Protests took place in several cities over the weekend against the verdicts in the trial of the neo-Nazi National Socialist Underground (NSU). Protesters criticized the fact that over the course of the trial, which lasted five years and included 438 trial days, more was hushed up than revealed. Speakers at the protests demanded “comprehensive clarification”—that the verdict should not be the end of the affair.
Auschwitz survivor Esther Bejerano spoke on Saturday at a protest rally in Hamburg. “From today, I am part of the revenge of the families of the NSU victims and you are part of my revenge on National Socialism,” she said defiantly.
On Wednesday, the Munich Higher Regional Court (OLG) delivered its verdicts in the trial of the right-wing terrorist NSU. The main defendant, Beate Zschäpe, was sentenced to life imprisonment as an accomplice in the 10 murders and several attacks involving explosives, as well as for membership of a terrorist group and committing serious arson. But all other defendants received mostly lenient sentences.
Above all, however, the Federal Prosecutor’s Office and Presiding Judge Manfred Götzl deliberately blotted out any further information about the background to the NSU and about its supporters, in particular the role of state-paid informers.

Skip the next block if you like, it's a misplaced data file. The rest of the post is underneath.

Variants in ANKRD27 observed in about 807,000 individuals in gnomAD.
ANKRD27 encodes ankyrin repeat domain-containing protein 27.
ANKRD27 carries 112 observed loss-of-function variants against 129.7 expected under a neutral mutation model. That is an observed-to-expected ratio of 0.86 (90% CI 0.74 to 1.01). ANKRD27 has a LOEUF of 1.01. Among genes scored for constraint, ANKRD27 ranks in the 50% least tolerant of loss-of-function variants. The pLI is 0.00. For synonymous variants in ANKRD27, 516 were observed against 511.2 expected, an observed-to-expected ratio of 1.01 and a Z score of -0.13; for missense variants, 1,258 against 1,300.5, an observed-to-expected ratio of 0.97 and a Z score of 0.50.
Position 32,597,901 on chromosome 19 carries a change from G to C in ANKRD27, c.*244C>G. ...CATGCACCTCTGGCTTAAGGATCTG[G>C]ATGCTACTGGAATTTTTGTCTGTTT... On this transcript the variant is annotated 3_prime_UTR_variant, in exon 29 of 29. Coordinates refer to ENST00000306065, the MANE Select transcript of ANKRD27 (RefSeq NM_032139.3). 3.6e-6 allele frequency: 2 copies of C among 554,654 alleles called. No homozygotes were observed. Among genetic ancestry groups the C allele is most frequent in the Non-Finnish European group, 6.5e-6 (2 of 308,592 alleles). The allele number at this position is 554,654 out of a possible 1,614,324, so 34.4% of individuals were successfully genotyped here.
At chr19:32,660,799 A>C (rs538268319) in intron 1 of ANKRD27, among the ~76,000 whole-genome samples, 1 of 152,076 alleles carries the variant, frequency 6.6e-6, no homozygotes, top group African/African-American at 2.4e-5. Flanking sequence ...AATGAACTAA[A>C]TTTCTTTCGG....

Former far-right German National Party functionary Ralf Wohlleben was sentenced to 10 years in prison because he and defendant Carsten Schultze had procured the Ceska murder weapon, with which nine murders were carried out. Court reports described how Wohlleben responded to the verdict with relief. Since he had already spent much of the trial in custody, he can expect to be released in about three years.
Carsten Schultze was sentenced to three years’ imprisonment for the same offence, because juvenile law was applied due to his being a minor at the time of the crime and the court viewed his confession and statement about Wohlleben’s assistance to be positive.